Are You Stereotyping All Muslims?

In this age of terrorism, where does your mind go when you see someone who looks like a Muslim? Have you noticed how your body shifts? Do you find yourself backing away? Are you afraid?

I ask you these questions because I had an AHA moment the other day.

I live in the mountains of Georgia in a small tourist community that is filled with cabin rentals. People from the city often make their way here for getaway weekends.

On our road alone, there are a half-dozen rental properties. We often see vacationers with their kids hiking or playing up and down our one-lane dirt road, taking in the breathtaking scenery. So, it was no surprise to see a man and a boy playing outside the other day. As I drove by them, I noticed their dark skin, Middle Eastern looks, and the man’s heavy beard. And I immediately thought about Muslim families.

Thankfully, THANKFULLY, my thoughts took me to my heart instead of my head.

With the media deluge of terrorist attacks by extremists, that is a feat unto itself.

A day never goes by where I don’t see hate mongering towards ALL Muslims on the Internet, in the media or even in conversations with people who I would never have imagined spewing hateful words. It’s like we’re all being brainwashed to mistrust and judge anyone who even remotely looks like a Muslim terrorist.

Hate is everywhere because people are in fear. And because that fear is triggering our primal need to survive, there is a tendency to profile anyone who is Muslim or looks like one, assuming they must be aligned with terrorists.

I get how the mind works. We all want to feel safe. So it is our natural instinct to want to protect ourselves, and our loved ones. Thus, we tend to shun anything or anyone that remotely resembles something that could hurt us.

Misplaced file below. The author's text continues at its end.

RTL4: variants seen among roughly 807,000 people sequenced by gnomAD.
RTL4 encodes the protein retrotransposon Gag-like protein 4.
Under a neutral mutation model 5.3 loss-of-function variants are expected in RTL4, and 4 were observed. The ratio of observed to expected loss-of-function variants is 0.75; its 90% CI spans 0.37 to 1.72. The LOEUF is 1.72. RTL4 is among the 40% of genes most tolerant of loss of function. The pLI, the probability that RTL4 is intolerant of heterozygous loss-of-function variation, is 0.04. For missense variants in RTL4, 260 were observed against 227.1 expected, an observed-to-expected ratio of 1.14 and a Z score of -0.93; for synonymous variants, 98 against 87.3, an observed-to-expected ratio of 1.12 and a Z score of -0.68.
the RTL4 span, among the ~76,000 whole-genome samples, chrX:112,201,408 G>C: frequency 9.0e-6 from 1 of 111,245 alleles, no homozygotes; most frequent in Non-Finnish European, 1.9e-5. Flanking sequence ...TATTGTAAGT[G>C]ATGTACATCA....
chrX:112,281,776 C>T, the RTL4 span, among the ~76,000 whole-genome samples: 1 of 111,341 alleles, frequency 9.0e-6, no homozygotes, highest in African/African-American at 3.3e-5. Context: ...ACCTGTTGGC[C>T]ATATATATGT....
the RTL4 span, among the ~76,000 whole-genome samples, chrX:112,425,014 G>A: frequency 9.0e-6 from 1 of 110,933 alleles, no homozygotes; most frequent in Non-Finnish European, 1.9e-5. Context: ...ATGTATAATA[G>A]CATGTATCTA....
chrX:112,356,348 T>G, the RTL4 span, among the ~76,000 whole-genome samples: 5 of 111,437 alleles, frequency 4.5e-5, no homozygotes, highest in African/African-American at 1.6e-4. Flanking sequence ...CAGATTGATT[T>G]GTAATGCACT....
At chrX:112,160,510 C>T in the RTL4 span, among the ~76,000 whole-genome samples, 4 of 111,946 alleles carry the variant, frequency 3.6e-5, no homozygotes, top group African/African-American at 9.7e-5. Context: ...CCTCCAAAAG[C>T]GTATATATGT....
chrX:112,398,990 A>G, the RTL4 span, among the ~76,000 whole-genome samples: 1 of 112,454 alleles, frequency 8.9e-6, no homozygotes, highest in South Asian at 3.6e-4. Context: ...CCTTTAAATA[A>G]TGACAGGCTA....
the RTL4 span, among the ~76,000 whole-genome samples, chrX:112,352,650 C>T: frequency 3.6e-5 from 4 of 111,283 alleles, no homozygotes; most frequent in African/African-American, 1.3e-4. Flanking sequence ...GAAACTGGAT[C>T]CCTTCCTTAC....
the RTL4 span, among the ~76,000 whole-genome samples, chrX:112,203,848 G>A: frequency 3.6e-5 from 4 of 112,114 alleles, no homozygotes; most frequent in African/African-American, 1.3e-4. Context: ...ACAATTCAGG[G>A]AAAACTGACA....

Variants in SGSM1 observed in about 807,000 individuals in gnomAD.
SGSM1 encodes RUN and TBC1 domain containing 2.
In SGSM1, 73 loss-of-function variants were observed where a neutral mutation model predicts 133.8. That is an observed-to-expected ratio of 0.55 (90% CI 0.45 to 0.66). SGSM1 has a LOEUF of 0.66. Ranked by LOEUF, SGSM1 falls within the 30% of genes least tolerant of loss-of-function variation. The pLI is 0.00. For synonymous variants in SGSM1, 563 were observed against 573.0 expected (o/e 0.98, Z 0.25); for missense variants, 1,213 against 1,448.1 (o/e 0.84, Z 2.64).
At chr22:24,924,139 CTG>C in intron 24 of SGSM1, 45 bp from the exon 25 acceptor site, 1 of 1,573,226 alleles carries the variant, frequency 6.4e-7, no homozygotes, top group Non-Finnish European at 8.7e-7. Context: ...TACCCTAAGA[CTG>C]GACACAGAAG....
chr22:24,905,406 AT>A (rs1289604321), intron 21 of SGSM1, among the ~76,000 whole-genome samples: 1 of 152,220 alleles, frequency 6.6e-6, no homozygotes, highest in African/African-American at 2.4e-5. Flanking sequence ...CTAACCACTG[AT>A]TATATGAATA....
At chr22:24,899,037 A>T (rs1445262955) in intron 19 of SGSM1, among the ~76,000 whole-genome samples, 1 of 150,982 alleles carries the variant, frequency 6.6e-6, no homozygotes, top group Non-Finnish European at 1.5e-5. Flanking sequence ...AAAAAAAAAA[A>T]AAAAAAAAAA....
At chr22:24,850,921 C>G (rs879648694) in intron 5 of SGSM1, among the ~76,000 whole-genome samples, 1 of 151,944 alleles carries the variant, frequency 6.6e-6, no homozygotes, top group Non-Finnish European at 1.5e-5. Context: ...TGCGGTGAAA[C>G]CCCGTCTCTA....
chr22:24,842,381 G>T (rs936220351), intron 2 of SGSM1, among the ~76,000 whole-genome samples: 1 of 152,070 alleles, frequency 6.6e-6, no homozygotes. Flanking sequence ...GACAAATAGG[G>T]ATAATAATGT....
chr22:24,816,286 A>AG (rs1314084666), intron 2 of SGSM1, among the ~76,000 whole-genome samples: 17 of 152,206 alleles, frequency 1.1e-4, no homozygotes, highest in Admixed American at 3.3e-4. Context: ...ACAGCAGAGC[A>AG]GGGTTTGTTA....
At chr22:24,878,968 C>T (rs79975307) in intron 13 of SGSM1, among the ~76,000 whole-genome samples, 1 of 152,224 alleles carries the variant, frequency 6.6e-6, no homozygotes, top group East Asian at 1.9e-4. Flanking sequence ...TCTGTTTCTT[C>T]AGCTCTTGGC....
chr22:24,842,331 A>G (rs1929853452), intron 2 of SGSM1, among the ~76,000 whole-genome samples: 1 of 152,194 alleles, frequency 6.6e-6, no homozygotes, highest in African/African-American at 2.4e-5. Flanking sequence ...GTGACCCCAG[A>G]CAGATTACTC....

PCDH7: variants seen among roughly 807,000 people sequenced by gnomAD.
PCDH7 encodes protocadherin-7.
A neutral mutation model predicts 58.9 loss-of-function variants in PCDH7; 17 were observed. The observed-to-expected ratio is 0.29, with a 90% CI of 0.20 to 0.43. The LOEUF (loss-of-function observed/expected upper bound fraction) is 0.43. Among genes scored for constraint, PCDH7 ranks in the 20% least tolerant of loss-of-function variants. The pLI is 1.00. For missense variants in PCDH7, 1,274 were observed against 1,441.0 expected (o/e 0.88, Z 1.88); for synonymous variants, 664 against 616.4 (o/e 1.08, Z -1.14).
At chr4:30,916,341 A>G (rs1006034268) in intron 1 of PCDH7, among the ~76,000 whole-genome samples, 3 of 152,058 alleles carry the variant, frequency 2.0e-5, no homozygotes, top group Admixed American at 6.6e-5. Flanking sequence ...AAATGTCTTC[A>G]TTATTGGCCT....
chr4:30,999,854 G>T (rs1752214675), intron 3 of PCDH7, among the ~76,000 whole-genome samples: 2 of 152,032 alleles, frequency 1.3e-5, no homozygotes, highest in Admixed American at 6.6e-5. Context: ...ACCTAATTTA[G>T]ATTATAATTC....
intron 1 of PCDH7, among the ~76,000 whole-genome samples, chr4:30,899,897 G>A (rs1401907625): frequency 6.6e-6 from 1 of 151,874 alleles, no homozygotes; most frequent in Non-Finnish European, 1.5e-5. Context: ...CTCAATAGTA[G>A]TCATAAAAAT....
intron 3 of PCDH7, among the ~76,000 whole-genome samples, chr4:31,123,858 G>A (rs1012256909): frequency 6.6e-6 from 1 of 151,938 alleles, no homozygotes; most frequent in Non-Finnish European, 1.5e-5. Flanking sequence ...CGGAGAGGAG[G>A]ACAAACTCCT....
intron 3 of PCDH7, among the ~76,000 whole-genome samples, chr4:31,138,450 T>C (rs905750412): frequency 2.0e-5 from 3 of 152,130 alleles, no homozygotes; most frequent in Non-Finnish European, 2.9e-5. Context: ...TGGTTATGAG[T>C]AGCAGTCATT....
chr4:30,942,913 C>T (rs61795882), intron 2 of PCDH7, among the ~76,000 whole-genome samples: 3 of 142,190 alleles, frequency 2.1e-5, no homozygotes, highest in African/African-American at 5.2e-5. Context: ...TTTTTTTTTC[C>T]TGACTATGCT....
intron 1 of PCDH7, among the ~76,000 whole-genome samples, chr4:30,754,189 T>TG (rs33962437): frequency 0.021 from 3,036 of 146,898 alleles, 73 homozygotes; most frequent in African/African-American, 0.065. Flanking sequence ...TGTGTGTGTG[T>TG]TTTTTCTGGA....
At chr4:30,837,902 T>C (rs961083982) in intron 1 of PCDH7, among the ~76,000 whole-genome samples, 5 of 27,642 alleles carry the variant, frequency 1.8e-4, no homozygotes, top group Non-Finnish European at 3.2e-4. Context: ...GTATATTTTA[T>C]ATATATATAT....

But can you imagine how Muslim families must feel?

That’s where my mind went when I drove by the man and child that day. My heart burst open. I have no idea if the two of them were actually Muslim or not. I don’t even know if they were related. But seeing them triggered something inside of me where I could literally feel the pain of Muslim families due to the judgment and alienation being thrown at them in our culture and abroad.

Do you remember what it was like to be a child who was shunned or left out? Did you ever feel judged for being who you are? Do you hold onto any of that pain? Can you imagine what a Muslim child in our country must feel right now in school or on the local playground? Can you feel in your heart how awful it must be to feel ostracized simply for having a different faith?

I remember the “mean girls” in school. I can tell you that every time one of them said something hateful, it shut my heart down. I began believing that something was wrong with me. I didn’t know back then that it was their pain that caused them to lash out at me. Most kids don’t know this. Instead, they take on beliefs, just like I did, that something is wrong with them, too. The idea that even one Muslim child will feel shut out because of his/her religious beliefs is why I feel called to speak out and write this article.

Are you a parent? If you are, you know what it’s like to want desperately for your kids to feel loved and accepted. Can you imagine how Muslim parents must feel to have people not only judge them, but to see the hate that is being inflicted on their kids?

As I said, I am so thankful I moved into my heart instead of my head when I drove by the man and little boy. I want to encourage you to do the same. If you’re not already seeing with the eyes of compassion, I ask you to consider looking at yourself and to make a shift.

If we want the hate to stop, we have to stop hating.

If we want the hate to stop, we have to stop hating.

If we want to experience more peace on this planet, we must stop the negative spewing and send love to people’s pain.

I believe that this time in history is calling us all to be agents of change. If you are ready to lead with love, here are some steps to help you get started:

1. Make a decision to no longer participate in the negativity. For instance, if someone writes a post on Facebook that stereotypes Muslims and lumps them with terrorists, delete it from your feed. Don’t allow it to seep into your mind or to fuel others’ negativity.

2. Go into awareness of how you react when you see someone who is Muslim or looks like one. Check in with your thoughts. Are you judging them? Are you linking them immediately to terrorists?